Yesterday, I found out that one of my favorite movies of all time, “Titanic,” is coming back to theaters this April. At first, I was surprised, but then I realized that this makes perfect sense, considering the current state of affairs in this country. One of the most memorable scenes in this film has to be near the end, when the ship is sinking, and only the rich are allowed into the inadequate number of life-boats that were boarded onto the craft. Too many floatation devices would have dirtied the beautiful image of this boat, making it clear that the decision makers valued looks over lives. In any event, as chaos ensued, and people perished in the frigid waters of the sea, the small orchestra played as if nothing was amiss.
In some ways, this is exactly what I feel is happening in our society right now. America is sinking, and it seems that those in charge have only provided for the wealthiest few. Naturally, and finally, this has led to protests around the nation, urging law-makers to re-integrate fairness into our corporate systems. Some, like the musicians on the iconic vessel, are standing by waiting for the crisis to pass. Though, despite the peaceful nature of those speaking their minds, things have turned violent. On Friday, a University of California at Davis police officer was caught on camera as he doused several non-resisting students with pepper spray. In an excellent article about this event, “The Washington Post,” reports that this “non-lethal” weapon, “can cause tissue damage, respiratory distress, and in rare cases, death.” Why then, would a campus cop use such an instrument on people who were not posing any danger? Of course, this story, and the accompanying videos have caused outrage for many, and in at least one case, have served as the basis for some pretty amazing art.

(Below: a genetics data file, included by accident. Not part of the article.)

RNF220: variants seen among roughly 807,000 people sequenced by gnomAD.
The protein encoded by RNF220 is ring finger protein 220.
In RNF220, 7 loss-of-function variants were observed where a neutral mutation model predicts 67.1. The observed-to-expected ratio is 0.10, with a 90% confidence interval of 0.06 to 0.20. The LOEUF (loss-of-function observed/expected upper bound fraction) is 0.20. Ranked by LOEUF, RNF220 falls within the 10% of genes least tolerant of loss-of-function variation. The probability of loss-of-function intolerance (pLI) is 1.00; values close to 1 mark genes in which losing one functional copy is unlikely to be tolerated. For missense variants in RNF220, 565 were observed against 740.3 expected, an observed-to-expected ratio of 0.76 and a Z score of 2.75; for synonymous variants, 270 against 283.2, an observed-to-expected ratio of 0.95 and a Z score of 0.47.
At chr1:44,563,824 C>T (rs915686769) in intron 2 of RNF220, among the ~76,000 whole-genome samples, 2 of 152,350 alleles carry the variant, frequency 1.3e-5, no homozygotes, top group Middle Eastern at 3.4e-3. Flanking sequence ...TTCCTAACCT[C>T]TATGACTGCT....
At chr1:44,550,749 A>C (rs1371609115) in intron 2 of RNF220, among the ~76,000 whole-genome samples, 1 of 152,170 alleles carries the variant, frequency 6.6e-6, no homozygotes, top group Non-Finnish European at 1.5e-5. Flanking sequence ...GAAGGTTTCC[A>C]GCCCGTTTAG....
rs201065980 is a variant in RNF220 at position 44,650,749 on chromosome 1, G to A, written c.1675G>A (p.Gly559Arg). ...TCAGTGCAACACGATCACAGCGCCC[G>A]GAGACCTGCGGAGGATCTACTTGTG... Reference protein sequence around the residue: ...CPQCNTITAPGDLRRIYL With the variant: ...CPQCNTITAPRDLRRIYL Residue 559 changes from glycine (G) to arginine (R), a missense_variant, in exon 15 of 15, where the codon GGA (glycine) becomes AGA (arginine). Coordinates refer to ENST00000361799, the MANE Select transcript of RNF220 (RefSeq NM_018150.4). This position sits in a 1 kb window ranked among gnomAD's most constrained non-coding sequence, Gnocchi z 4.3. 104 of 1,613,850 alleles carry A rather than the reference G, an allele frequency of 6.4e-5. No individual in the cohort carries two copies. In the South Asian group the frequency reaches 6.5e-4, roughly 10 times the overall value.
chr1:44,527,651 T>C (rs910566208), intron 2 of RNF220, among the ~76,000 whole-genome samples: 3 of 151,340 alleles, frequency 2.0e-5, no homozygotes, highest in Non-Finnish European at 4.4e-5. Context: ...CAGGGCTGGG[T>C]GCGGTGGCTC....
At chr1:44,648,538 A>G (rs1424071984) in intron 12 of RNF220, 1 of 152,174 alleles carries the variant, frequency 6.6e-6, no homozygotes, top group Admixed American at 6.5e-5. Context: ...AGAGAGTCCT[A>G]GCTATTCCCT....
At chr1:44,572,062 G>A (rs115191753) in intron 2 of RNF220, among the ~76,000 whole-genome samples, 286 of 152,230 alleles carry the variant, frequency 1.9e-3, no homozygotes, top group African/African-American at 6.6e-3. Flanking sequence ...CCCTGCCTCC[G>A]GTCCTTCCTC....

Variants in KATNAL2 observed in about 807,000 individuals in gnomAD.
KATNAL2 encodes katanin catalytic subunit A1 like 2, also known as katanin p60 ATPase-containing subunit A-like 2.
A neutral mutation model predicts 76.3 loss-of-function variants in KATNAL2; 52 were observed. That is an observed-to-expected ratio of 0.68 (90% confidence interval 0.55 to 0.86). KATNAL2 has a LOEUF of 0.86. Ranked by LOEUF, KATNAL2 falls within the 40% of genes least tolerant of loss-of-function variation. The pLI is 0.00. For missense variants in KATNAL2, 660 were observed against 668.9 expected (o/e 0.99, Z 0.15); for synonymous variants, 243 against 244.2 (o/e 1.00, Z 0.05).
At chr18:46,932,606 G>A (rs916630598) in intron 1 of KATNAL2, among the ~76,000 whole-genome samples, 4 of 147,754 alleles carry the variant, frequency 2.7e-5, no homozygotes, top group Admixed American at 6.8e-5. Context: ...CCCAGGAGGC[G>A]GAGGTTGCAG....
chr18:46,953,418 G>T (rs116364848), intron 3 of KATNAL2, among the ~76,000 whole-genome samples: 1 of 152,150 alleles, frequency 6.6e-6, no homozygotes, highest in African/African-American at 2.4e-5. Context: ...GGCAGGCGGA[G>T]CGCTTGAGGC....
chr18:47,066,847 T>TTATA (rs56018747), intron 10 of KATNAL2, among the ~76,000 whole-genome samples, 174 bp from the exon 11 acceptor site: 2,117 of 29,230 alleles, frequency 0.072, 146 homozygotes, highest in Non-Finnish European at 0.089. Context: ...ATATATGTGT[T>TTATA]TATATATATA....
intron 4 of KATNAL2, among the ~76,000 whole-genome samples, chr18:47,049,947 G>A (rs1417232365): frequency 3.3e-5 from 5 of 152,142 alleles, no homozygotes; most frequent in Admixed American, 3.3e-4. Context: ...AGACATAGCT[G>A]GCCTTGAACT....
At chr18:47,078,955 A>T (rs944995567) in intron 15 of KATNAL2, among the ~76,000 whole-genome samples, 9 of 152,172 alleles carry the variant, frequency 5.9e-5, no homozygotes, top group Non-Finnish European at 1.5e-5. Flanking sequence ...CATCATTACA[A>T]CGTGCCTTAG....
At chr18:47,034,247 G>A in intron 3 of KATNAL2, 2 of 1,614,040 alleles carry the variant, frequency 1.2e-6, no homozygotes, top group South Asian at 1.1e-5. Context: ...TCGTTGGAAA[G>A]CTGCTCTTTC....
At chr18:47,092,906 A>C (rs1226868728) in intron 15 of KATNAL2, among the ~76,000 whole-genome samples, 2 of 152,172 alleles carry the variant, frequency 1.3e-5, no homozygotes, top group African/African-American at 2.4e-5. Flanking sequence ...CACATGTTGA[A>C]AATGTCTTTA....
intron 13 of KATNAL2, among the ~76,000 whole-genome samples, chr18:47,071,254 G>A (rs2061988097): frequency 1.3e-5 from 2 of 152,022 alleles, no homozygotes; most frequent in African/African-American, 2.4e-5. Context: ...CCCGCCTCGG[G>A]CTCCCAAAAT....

In a famous study by Yale University Psychologist, Stanley Milgram, participants were divided into groups where some of the individuals were asked to deliver electric shocks to others. (This is the kind of thing researchers were allowed to do before we had ethics committees!) Anyway, the findings of this experiment showed that ordinary people, under the command of authority, would forgo their own morals and inflict pain on others if that’s what they were told to do. These results were imperative in understanding the mechanisms which led so many to obey the Nazi regime. And hauntingly, it seems that some of these same dynamics, which I believe become even more pronounced in a questionable economy, continue to be at play.
History aside, we all need to find a way to stop the violence now. Stefan Lessard has been very vocal about this on his facebook page, and probably on Twitter, but Twitter drives me to distraction. In a recent post, Stefan urged us to “Push Love. Occupy Your Heart.” Thank you, Stefan! At a time when it seems our grace is gone, it’s words like these that turn water into wine.
Hayley Bauman, Psy.D.
Author of Serendipity and the Search for True Self